More than 100 middle and high school teachers from across the country are on campus June 1-13 to learn new ways to teach science, technology, engineering and math (STEM) classes in the form of biomedical engineering.
The teachers will dissect sheep brains, mold clay into the shape of human organs, and learn the intricacies of DNA in an effort to inspire their middle and high school students and to consider college majors and, eventually, careers in STEM fields. The efforts are part of Project Lead The Way’s Summer Core Training program.
The intensive two-week bio medical engineering-focused program is designed to give teachers new hands-on activities and applications to make STEM programs more appealing to students. The teachers can’t just learn about the activities. They have to do them, including turning modeling clay into internal human organs or completing a dissection.
Providing students hands-on activities is a known way to increase interest in STEM fields. The core training program gives teachers the tools they need to be successful in their classrooms this fall and for years to come, according to Aubrey Johns, university affiliate manager, Project Lead the Way.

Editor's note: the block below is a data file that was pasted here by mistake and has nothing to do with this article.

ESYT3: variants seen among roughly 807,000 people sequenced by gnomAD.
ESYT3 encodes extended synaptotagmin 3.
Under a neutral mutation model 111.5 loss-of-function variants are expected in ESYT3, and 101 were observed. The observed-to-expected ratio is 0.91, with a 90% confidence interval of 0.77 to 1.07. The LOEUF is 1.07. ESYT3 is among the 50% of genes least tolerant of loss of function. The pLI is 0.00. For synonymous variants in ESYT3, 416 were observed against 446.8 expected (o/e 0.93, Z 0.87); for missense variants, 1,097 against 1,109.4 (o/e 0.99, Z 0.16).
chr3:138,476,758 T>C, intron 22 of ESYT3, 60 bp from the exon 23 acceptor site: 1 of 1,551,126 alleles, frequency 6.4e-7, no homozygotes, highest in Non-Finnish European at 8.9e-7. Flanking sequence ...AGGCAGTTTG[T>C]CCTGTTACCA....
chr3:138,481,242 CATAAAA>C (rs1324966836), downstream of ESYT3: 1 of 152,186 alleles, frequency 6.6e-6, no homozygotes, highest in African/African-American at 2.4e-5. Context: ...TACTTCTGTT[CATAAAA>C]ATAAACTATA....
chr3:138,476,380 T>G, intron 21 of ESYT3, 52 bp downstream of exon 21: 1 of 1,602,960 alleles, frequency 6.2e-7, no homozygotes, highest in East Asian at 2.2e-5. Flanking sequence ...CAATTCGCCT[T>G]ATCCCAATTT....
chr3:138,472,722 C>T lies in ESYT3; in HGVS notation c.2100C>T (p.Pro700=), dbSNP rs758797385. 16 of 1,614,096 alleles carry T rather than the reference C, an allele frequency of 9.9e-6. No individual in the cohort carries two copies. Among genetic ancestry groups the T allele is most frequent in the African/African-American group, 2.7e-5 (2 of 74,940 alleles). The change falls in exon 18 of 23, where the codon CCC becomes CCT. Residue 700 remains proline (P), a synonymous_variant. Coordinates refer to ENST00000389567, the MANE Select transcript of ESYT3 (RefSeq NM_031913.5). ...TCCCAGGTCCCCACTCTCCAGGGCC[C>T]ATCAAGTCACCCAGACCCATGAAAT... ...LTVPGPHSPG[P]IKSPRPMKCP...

Increasing the number of students studying STEM is a national goal with many employers reporting job applicants are often rejected because of basic science and math skill deficiencies.
Project Lead The Way is a 501c3 organization that provides rigorous and innovative STEM education curricular programs used in schools. The organization hopes to prepare students for a place in a global economy and to create a network of educators, students, universities and professionals. UCCS is the organization’s Colorado affiliate. For more information, visit www.pltw.org.
— Photos by Jeff Foster